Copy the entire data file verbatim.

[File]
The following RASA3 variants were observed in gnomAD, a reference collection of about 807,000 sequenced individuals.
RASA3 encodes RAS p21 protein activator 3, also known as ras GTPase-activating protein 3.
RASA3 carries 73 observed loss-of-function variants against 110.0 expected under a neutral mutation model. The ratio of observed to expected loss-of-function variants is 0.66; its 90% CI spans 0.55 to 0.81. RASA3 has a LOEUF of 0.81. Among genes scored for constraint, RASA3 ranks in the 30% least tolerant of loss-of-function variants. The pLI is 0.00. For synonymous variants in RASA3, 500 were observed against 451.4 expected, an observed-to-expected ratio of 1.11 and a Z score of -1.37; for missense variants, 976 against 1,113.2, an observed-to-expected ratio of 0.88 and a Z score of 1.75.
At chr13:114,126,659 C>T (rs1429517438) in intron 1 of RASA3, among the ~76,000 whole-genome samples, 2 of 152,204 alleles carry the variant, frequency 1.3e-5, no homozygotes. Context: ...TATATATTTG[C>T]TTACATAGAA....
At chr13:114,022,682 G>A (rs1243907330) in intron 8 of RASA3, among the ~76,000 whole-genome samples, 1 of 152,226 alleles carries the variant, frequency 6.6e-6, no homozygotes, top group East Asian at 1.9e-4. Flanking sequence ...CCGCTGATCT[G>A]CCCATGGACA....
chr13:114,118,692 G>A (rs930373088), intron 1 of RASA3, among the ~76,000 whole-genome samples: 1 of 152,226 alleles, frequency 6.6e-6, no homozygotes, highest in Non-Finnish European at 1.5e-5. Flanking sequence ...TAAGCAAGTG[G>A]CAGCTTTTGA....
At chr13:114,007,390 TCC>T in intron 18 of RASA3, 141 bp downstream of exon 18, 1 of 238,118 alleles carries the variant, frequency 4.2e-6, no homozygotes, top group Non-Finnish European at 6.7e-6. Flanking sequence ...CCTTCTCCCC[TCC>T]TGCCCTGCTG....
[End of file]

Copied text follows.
The following RASA3 variants were observed in gnomAD, a reference collection of about 807,000 sequenced individuals.
RASA3 encodes RAS p21 protein activator 3, also known as ras GTPase-activating protein 3.
RASA3 carries 73 observed loss-of-function variants against 110.0 expected under a neutral mutation model. The ratio of observed to expected loss-of-function variants is 0.66; its 90% CI spans 0.55 to 0.81. RASA3 has a LOEUF of 0.81. Among genes scored for constraint, RASA3 ranks in the 30% least tolerant of loss-of-function variants. The pLI is 0.00. For synonymous variants in RASA3, 500 were observed against 451.4 expected, an observed-to-expected ratio of 1.11 and a Z score of -1.37; for missense variants, 976 against 1,113.2, an observed-to-expected ratio of 0.88 and a Z score of 1.75.
At chr13:114,126,659 C>T (rs1429517438) in intron 1 of RASA3, among the ~76,000 whole-genome samples, 2 of 152,204 alleles carry the variant, frequency 1.3e-5, no homozygotes. Context: ...TATATATTTG[C>T]TTACATAGAA....
At chr13:114,022,682 G>A (rs1243907330) in intron 8 of RASA3, among the ~76,000 whole-genome samples, 1 of 152,226 alleles carries the variant, frequency 6.6e-6, no homozygotes, top group East Asian at 1.9e-4. Flanking sequence ...CCGCTGATCT[G>A]CCCATGGACA....
chr13:114,118,692 G>A (rs930373088), intron 1 of RASA3, among the ~76,000 whole-genome samples: 1 of 152,226 alleles, frequency 6.6e-6, no homozygotes, highest in Non-Finnish European at 1.5e-5. Flanking sequence ...TAAGCAAGTG[G>A]CAGCTTTTGA....
At chr13:114,007,390 TCC>T in intron 18 of RASA3, 141 bp downstream of exon 18, 1 of 238,118 alleles carries the variant, frequency 4.2e-6, no homozygotes, top group Non-Finnish European at 6.7e-6. Flanking sequence ...CCTTCTCCCC[TCC>T]TGCCCTGCTG....